JP Morgan's Terrible, No Good, Very Bad Trading Loss

JPMorgan Chase & Co Chairman and CEO Jamie Dimon testifies before the House Financial Services Committee on Capitol Hill June 19, 2012 in Washington, D.C.

Let's start with best quotes from today's JP Morgan earnings call.

The main players are Jamie Dimon, JP Morgan's CEO; Doug Braunstein, the chief financial officer; and Mike Cavanagh, the executive who ran the internal investigation. Cavanagh said his team went through "thousands of voice tapes, some of them in foreign languages."

 

Jamie Dimon: We don't take this lightly....This is what the SEC chairwoman herself would have done....if we find out more, we'll try to do the right thing, which we always try to do.

Dimon: We've suspended synthetic credit trading in [the chief investment office] CIO...we're no longer doing it, with the exception of one short position.

We do believe these events are limited to the CIO.

We've had hundreds of people working around the clock now for three months....hopefully after this is over we will be a stronger company when this is over.

Doug Braunstein: JP Morgan has had $40 billion in loan growth.

Dimon: The "accident" .... has "shaken our company to the core."

 

Mike Cavanagh, the executive in charge of investigating the Whale: CIO judgement, execution...were poor in the first quarter...the designated risk management team supporting CIO were ineffective...

Cavanagh: The CIO was breakeven or positive between 2007 and 2011. Generated $2 billion in gains during that time.

Cavanagh: [The London Whale team decided that a total winddown of the trade] would have been more expensive than the approach they chose, [ie, increase the size and complexity of the bet in the first quarter] - which was wrong....It was a very risky approach they took, that should have been...vetted at senior levels. But it was not.

Cavanagh provides a "tick-tock" of the bank's discovery of the scale of the trade: he says all the bets were on the books by March 23. Losses piled up in late March, early April. Press reports on April 6 created worries in the markets. Dimon and Ina Drew asked for more details a few details later.

The initial review was done by Ina Drew, who relied on the managers and traders responsible for the CIO investments. April 13, the earnings release. In late April, the losses picked up.

A senior team from the corporate risk department started analyzing the losses as the firm waited for new managers to come into the CIO. The senior team discovered problems with the old 'model' for evaluating the losses. On May 14, Zames comes in to head CIO and the management review is launched.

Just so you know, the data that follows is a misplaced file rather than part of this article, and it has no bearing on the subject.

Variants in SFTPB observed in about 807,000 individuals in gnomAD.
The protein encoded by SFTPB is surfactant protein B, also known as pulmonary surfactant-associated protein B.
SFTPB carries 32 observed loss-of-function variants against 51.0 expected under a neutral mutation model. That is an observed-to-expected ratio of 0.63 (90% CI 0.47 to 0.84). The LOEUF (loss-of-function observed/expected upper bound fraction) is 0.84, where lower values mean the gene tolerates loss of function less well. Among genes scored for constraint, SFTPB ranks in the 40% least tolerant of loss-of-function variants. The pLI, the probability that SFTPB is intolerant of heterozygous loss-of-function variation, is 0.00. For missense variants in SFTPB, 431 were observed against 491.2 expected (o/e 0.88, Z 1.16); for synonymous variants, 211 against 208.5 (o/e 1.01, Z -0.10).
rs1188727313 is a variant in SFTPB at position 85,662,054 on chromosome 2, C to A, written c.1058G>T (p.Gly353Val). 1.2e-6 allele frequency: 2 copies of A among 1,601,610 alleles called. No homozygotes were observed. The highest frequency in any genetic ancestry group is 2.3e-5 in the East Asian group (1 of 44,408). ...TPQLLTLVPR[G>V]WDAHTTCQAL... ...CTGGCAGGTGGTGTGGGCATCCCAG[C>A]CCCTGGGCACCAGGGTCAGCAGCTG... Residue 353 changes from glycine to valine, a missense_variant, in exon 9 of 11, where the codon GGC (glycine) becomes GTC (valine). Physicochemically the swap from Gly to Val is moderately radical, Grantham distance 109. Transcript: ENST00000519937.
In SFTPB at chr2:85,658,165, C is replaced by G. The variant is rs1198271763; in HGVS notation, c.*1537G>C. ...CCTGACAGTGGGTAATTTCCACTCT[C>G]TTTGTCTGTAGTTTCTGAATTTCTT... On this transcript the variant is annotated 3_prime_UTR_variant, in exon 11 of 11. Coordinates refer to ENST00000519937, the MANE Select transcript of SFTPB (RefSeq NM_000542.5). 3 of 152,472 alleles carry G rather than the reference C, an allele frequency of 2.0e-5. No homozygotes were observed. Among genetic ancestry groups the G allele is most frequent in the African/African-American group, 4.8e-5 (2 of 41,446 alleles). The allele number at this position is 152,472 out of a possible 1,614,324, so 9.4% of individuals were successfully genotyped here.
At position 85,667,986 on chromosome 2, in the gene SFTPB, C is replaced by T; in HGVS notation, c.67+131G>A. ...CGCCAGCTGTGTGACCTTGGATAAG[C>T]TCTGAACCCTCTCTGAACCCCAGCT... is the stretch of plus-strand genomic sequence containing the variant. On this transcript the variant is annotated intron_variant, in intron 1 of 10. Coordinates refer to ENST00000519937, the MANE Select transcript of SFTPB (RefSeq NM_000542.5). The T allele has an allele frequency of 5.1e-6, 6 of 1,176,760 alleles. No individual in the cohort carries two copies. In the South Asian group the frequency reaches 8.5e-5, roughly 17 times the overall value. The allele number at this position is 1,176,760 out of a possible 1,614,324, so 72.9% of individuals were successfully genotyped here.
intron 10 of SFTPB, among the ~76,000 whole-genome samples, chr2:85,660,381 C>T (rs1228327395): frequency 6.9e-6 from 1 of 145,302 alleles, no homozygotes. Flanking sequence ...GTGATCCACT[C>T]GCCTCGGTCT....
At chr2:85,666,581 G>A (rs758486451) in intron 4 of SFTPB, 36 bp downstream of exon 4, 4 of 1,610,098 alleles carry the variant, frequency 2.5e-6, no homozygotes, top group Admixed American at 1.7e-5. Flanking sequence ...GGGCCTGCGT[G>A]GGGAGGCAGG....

Cavanagh on the CIO team's incompetence: there were "numerous embedded risks that this team did not understand and were not equipped to manage." The trade stayed within a small group within CIO instead of being examined by peers and other managers. "The level of scrutiny that the CIO faced did not increase" with the size and the level of complexity of the trade. The risk management team "failed to meet reasonable expectations." They didn't "establish adequate risk limits." The risk management team did not do enough to challenge the traders who put on the London Whale trades.

Cavanagh admits that the new mathematical model that JP Morgan used to evaluate its losses was "sloppy and incompetent." The best reporting on this flawed model came from Eric Schatzker and Dawn Kopecki at Bloomberg, whose coverage was consistently critical of JP Morgan's mathematical model.

Cavanagh says all the executives related to the CIO trade have been "separated from the firm," and they will lose two years of bonuses - including stock and options - and get no severance payments. That is, to use Dimon's term, Old Testament. It's probably the biggest clawback we've seen in the wake of a financial scandal and a very good response by JP Morgan.

Dimon, in a silver-lining moment: "This is a bad outcome. This is not the worst outcome." He says it could have been worse if the euro unraveled and there was more of a crisis.

 

About the author

Heidi N. Moore is The Guardian's U.S. finance and economics editor. She was formerly the New York bureau chief and Wall Street correspondent for Marketplace.

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